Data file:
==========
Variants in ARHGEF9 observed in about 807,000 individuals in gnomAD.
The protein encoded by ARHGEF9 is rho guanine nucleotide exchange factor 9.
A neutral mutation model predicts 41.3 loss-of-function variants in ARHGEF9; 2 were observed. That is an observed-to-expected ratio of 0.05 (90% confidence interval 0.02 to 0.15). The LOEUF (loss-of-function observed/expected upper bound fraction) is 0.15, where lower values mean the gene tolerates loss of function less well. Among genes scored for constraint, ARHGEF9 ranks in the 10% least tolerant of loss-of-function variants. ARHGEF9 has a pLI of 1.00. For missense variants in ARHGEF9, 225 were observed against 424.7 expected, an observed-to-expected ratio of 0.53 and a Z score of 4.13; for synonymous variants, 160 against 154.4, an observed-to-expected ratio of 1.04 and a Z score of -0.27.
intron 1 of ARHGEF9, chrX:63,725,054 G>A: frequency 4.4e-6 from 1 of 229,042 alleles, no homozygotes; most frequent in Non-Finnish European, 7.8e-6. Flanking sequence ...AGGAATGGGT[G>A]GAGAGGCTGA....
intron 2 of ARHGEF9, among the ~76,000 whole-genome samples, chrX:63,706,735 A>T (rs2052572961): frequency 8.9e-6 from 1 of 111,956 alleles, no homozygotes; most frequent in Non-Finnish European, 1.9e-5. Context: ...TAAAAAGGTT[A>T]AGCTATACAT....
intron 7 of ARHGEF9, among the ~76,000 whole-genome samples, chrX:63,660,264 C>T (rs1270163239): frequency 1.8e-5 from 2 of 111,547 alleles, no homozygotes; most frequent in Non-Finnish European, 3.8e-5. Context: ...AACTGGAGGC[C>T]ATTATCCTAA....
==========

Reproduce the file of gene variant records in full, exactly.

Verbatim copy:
Variants in ARHGEF9 observed in about 807,000 individuals in gnomAD.
The protein encoded by ARHGEF9 is rho guanine nucleotide exchange factor 9.
A neutral mutation model predicts 41.3 loss-of-function variants in ARHGEF9; 2 were observed. That is an observed-to-expected ratio of 0.05 (90% confidence interval 0.02 to 0.15). The LOEUF (loss-of-function observed/expected upper bound fraction) is 0.15, where lower values mean the gene tolerates loss of function less well. Among genes scored for constraint, ARHGEF9 ranks in the 10% least tolerant of loss-of-function variants. ARHGEF9 has a pLI of 1.00. For missense variants in ARHGEF9, 225 were observed against 424.7 expected, an observed-to-expected ratio of 0.53 and a Z score of 4.13; for synonymous variants, 160 against 154.4, an observed-to-expected ratio of 1.04 and a Z score of -0.27.
intron 1 of ARHGEF9, chrX:63,725,054 G>A: frequency 4.4e-6 from 1 of 229,042 alleles, no homozygotes; most frequent in Non-Finnish European, 7.8e-6. Flanking sequence ...AGGAATGGGT[G>A]GAGAGGCTGA....
intron 2 of ARHGEF9, among the ~76,000 whole-genome samples, chrX:63,706,735 A>T (rs2052572961): frequency 8.9e-6 from 1 of 111,956 alleles, no homozygotes; most frequent in Non-Finnish European, 1.9e-5. Context: ...TAAAAAGGTT[A>T]AGCTATACAT....
intron 7 of ARHGEF9, among the ~76,000 whole-genome samples, chrX:63,660,264 C>T (rs1270163239): frequency 1.8e-5 from 2 of 111,547 alleles, no homozygotes; most frequent in Non-Finnish European, 3.8e-5. Context: ...AACTGGAGGC[C>T]ATTATCCTAA....